Many chemical bonds are known to be polarisable. Similarly, many ions are also known to be polarisable. Examples include the carbon-iodine bond and the carbonate ion. Recently, I have read that the carbon-fluorine bond is, in fact, non-polarisable. Reasons for this include the high electronegativity of fluorine and the small sizes of the carbon and fluorine atoms.

  • Do other non-polarisable bonds exist?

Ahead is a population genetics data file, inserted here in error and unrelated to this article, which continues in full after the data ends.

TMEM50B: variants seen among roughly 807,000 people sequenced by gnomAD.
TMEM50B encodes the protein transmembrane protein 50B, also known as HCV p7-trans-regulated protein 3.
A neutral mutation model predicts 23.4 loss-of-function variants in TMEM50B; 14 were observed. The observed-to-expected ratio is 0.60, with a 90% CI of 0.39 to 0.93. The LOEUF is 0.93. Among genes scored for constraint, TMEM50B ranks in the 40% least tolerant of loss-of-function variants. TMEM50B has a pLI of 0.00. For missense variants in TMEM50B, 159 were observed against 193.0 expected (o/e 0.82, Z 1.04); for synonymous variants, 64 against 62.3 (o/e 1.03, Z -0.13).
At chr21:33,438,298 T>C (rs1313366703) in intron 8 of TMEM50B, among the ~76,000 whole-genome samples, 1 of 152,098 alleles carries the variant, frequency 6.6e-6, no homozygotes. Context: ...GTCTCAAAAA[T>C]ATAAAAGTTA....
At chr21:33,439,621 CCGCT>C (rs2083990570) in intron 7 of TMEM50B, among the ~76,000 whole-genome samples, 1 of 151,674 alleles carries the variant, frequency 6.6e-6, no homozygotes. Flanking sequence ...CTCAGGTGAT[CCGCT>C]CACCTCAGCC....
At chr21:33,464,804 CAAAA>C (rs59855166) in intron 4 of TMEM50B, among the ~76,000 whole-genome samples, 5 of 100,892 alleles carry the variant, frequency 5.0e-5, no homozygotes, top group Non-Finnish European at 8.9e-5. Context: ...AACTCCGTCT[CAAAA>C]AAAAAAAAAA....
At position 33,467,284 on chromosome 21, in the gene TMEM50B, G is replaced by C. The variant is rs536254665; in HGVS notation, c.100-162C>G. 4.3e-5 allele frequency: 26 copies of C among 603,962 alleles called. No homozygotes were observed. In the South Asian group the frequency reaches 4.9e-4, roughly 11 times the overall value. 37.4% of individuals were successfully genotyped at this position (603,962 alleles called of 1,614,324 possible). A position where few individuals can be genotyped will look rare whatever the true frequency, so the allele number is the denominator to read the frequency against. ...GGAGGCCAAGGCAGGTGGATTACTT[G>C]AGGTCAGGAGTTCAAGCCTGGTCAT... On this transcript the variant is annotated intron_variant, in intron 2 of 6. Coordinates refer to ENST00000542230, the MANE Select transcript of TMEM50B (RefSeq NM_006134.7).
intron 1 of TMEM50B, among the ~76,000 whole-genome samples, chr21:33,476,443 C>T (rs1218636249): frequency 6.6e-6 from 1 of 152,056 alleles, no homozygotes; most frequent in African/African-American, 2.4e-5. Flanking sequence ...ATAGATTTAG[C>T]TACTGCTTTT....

• What factors would contribute to a chemical bond being non-polarisable?
  • 2
    $\begingroup$ Polarizability is a property of compounds. Bonds contribute to it relatively little. $\endgroup$ – Ivan Neretin Sep 27 '17 at 10:08

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